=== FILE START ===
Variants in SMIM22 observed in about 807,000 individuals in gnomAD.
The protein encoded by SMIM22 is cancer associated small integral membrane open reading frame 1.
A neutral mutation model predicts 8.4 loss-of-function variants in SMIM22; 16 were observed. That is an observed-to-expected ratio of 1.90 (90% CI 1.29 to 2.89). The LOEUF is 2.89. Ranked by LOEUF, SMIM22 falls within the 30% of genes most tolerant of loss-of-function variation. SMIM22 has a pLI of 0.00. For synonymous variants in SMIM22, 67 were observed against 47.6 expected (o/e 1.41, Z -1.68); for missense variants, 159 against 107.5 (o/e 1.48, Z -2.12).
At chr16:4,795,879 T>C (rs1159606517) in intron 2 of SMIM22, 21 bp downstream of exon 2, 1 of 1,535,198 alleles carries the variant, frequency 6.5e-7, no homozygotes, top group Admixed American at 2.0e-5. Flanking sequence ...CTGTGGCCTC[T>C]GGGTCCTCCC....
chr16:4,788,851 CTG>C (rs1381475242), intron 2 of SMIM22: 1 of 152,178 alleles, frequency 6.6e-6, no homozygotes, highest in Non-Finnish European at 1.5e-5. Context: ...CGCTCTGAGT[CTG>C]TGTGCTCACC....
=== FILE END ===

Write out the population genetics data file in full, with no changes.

Variants in SMIM22 observed in about 807,000 individuals in gnomAD.
The protein encoded by SMIM22 is cancer associated small integral membrane open reading frame 1.
A neutral mutation model predicts 8.4 loss-of-function variants in SMIM22; 16 were observed. That is an observed-to-expected ratio of 1.90 (90% CI 1.29 to 2.89). The LOEUF is 2.89. Ranked by LOEUF, SMIM22 falls within the 30% of genes most tolerant of loss-of-function variation. SMIM22 has a pLI of 0.00. For synonymous variants in SMIM22, 67 were observed against 47.6 expected (o/e 1.41, Z -1.68); for missense variants, 159 against 107.5 (o/e 1.48, Z -2.12).
At chr16:4,795,879 T>C (rs1159606517) in intron 2 of SMIM22, 21 bp downstream of exon 2, 1 of 1,535,198 alleles carries the variant, frequency 6.5e-7, no homozygotes, top group Admixed American at 2.0e-5. Flanking sequence ...CTGTGGCCTC[T>C]GGGTCCTCCC....
chr16:4,788,851 CTG>C (rs1381475242), intron 2 of SMIM22: 1 of 152,178 alleles, frequency 6.6e-6, no homozygotes, highest in Non-Finnish European at 1.5e-5. Context: ...CGCTCTGAGT[CTG>C]TGTGCTCACC....